On the morning after U.S. Supreme Court justice Anthony Kennedy announced his retirement, Democratic senators were ready with their top talking point. In appearance after appearance on the cable-news shows, they repeatedly demanded that Senate Republicans adhere to the same “rule” that had guided them in 2016 and wait until after the November elections before voting on a replacement for Kennedy.
But few had their hearts in the effort. Only a day earlier, Democrats, led by the editorial page of the New York Times, had been complaining bitterly about the way Senate majority leader Mitch McConnell had “stolen” a seat on the high court from President Obama by imposing just such a delay. The talk of “letting the people decide” was merely a long-winded way of reminding the country that confirming Trump’s pick would be an exercise in hypocrisy. They’re right about that, but as an opening salvo in a fight that liberals are claiming is nothing less than a judicial Armageddon, it fell spectacularly flat, and every Democrat seemed to know it.
But the problem for Democrats was not just that they were embarking on a fight they had no chance to win. Their real dilemma was that their efforts were being judged by an angry, radicalized Democratic base that is demanding they do anything, up to and including shutting down the Senate and the government, in order to deny Trump and McConnell a fifth conservative justice. With the prospect of a solid conservative court majority being put in place for the foreseeable future and the chance that, without Kennedy restraining it, the court will overturn Roe v. Wade, among other sacred liberal precedents, the liberal base wanted more than a lame talking point that not even Democrats were buying.
This bad start gave the lie to the Democrats’ boasts that the court fight would energize their base and help them win the midterms. It’s true that the future of the Court is a key issue for their voters, just as it is for conservatives. But what makes this a dangerous moment for Democrats is that at a time when “resistance” is the watchword for those opposing Trump, nothing short of burning down the Capitol is going to satisfy a base that thinks their leaders are a tired, defeated establishment that isn’t up to the task of stopping the president and lacks the guts to match the GOP’s willingness to play rough.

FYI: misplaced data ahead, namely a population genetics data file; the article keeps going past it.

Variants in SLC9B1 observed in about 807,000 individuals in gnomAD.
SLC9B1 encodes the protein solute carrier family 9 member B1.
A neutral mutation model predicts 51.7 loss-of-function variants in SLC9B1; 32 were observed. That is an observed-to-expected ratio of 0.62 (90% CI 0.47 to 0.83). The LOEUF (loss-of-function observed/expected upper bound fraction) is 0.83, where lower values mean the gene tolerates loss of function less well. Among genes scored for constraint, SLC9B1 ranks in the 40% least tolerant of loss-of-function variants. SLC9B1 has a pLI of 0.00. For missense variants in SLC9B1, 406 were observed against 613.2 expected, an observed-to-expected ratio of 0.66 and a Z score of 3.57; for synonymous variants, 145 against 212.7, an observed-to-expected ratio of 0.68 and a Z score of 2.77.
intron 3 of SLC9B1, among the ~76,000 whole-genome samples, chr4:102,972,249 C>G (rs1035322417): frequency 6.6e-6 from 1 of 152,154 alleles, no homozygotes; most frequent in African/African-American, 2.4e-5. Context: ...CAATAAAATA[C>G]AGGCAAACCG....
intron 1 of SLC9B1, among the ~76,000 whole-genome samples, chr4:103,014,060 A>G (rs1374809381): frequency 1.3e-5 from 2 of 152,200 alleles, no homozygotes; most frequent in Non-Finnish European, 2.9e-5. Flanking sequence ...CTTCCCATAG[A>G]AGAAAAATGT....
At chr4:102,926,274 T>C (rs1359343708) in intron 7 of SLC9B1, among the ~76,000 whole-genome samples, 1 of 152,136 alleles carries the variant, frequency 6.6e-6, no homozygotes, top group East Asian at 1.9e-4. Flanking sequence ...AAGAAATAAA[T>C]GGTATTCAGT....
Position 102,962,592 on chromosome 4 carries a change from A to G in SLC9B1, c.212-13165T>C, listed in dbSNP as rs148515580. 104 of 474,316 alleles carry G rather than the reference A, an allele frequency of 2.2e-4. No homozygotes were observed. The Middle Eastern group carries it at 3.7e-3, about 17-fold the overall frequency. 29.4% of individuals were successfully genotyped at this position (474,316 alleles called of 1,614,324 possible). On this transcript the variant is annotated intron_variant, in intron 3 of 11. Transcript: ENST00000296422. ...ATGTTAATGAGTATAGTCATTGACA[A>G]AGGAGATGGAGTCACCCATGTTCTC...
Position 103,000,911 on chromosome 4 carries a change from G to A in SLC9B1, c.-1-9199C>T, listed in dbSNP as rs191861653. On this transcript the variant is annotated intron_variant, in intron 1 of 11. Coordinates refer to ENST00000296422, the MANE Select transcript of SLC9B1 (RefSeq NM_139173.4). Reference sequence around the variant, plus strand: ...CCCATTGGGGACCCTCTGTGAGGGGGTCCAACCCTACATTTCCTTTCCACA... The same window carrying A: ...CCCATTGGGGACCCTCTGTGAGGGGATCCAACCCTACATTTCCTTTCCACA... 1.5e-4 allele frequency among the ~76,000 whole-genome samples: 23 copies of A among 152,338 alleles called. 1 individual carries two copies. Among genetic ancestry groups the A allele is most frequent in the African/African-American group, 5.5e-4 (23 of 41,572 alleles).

The Democrats are essentially powerless to stop McConnell, and they know it. Delaying tactics will fail, since he will, if he has to, keep the Senate in session 24 hours a day, seven days a week until Trump’s pick is confirmed. Nor can they be optimistic about peeling off the two pro-abortion Republican senators (Lisa Murkowski and Susan Collins); even if they succeed, some Democrats facing reelection in states that Trump won will likely defect in the opposite direction. Three Democrats and every Republican voted to confirm Neil Gorsuch.
So rather than inspiring liberal turnout in the midterms, the Kennedy-replacement fight may convince the Left that Senate Democrats are a feckless, spineless collection of politicians who aren’t worthy of support. Instead of flocking to the polls in record numbers, as they did to elect Barack Obama in 2008 and 2012, Democrats may revert to their familiar midterm pattern of low turnout — a pattern that was in evidence in 2014 and helped Republicans get the Senate majority they are using to confirm conservative judges at a record pace.
As for the merits of the arguments about the court fight, everyone knows that both parties have repeatedly changed their positions regarding the norms here.